Future Priests of the Third Millennium

A little insight into the life of seminarians from various dioceses preparing for ministry as Roman Catholic priests, including daily activities, personal interests, special events, the spiritual life, news from the seminary, and almost whatever comes to our minds!

Sunday, May 11, 2008

Why Christ Speaks in Parables—Insight into Faith & Reason

In chapter 13, verses 10 – 17 of the Gospel of Matthew, Christ is asked by his disciples why he speaks to the people in parables. This passage states:

Then the disciples came and said to him, “Why do you speak in parables?” And he answered them, “To you it has been given to know the secrets of the kingdom of heaven, but to them it has not been given. For to him who has will more be given, and he will have abundance; but from who has not, even what he has will be taken away. This is why I speak to them in parables, because seeing they do not see, and hearing they do not hear, nor do they understand. With them indeed is fulfilled the prophecy of Isaiah which says: ‘You shall indeed hear, but never understand, and you shall indeed see but never perceive. For this people’s hear has grown dull, and their ears are heavy of hearing, and their eyes they have closed, lest they should perceive with their eyes and hear with their ears, and understand with their heart, and turn for me to heal them.’ But blessed are your eyes for they see, and your ears, for they hear. Truly, I say to you, many prophets and righteous men longed to see what you see, and did not see it, and to hear what you hear, and did not hear it.

Christ is letting his disciples know that he is not providing a simple allegorical comparison in his teachings. Rather, his parables are “enigmatic communications.” In one sense we can speak about the life of the “kingdom of God” in an open manner. Yet, it is not that simple. In his book Matthew: Interpretation, a Bible commentary for teaching and preaching, Douglas Hare explains why. He explains,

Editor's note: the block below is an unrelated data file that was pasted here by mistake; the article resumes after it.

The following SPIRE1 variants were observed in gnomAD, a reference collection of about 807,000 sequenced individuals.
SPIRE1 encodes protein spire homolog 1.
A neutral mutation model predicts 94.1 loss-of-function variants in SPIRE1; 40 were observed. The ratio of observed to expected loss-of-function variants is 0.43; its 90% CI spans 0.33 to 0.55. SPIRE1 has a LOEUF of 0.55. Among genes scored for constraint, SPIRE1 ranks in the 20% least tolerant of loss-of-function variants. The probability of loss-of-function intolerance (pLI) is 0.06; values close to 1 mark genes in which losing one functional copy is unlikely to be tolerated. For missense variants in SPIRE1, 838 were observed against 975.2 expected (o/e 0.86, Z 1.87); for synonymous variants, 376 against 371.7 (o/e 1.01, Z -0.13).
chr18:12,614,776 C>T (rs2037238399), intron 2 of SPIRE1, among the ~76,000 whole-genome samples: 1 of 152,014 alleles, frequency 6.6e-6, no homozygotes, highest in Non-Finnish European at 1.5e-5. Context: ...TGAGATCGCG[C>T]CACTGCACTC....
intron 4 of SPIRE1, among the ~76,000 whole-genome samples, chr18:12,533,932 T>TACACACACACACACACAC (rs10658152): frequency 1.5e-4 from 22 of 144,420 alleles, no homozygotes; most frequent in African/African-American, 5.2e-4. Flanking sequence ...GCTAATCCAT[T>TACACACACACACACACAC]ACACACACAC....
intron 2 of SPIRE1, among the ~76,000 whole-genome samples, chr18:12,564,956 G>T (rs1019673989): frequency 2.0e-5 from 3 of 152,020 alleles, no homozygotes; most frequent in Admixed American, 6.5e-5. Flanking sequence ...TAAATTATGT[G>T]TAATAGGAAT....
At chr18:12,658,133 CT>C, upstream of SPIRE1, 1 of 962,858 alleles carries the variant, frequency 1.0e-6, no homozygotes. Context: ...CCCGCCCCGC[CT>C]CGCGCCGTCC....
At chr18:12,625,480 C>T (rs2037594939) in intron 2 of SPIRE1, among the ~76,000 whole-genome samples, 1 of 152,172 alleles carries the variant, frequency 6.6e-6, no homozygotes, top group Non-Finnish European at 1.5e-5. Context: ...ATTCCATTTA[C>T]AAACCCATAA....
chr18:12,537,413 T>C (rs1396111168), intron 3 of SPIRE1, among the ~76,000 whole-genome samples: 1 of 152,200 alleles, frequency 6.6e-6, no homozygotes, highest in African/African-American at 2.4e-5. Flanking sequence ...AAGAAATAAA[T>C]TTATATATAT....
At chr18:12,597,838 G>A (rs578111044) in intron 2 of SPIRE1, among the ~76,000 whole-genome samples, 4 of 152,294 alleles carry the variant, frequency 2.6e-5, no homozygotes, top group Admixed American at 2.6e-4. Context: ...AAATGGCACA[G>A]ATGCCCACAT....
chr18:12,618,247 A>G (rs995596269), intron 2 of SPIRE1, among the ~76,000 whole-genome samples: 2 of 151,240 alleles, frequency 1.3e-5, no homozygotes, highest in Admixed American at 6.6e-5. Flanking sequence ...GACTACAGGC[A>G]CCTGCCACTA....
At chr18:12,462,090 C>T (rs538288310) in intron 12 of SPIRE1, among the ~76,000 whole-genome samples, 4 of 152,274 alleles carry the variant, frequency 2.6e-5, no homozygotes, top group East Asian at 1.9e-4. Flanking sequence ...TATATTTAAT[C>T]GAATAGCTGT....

There is a mystery about the kingdom that requires greater reserve because of the very different response it demands. Divorce, love of enemies, and other matters concerning human relationships can be discussed rationally in relation to what the Scriptures reveal about God’s will, but the question of what God is doing in our midst is not of the same order. If someone shouts ‘Fire!’ in a crowded theater, the truth claim can be evaluated in due course — after the building has been evacuated! If Jesus declares that the presence of the Spirit of God in his exorcisms indicates that the last judgment is imminent, an immediate decision is called for as in a theater, but the truth claim cannot be assessed on the basis of empirical data.

Douglas Hare’s explanation is a great starting point to ask: why is truth, communicated to us in the Gospels, not always an empirically verifiable thing? Why can we not verify the assertions Christ is making in an evidence-based manner?

Hare goes on to answer that it is because “God does not make himself available for our inspection . . . ‘The secrets of the kingdom,’ accordingly are not taught, but revealed.” This insight speaks to the core meaning of this particular passage in the Gospels. What does it mean to know something; through rational processes, verified by scientific methods, and grounded as statistical data; versus knowing truth, that is communicable to us, but is beyond our abilities to comprehend using our own faculties?

This sense of knowing is perhaps what Christ means when he contrasts “being able to see, but not seeing; being able to hear, but not hearing, nor understanding.” Christ’s contrast lends itself to the relationship between knowing empirically and believing something that is revealed. What he is getting at is the relationship between faith and reason. At the same time, Christ is using the nature of parables in a manner that reflects the nature of the Gospels, as truth, articulated to us through Sacred Scripture.

Christ certainly was the Teacher. However, the manner in which he taught in parables speaks to us through Sacred Scripture as something revealed — it is Revelation! Its validity is grounded in that its contents about the “kingdom” came from above, in so far as God allows us to know it. This is how we believe the Gospels and the entire canon of Sacred Scripture to be truth.

1 comment:

Marc said...

beautiful! That is why I love the Catholic faith.

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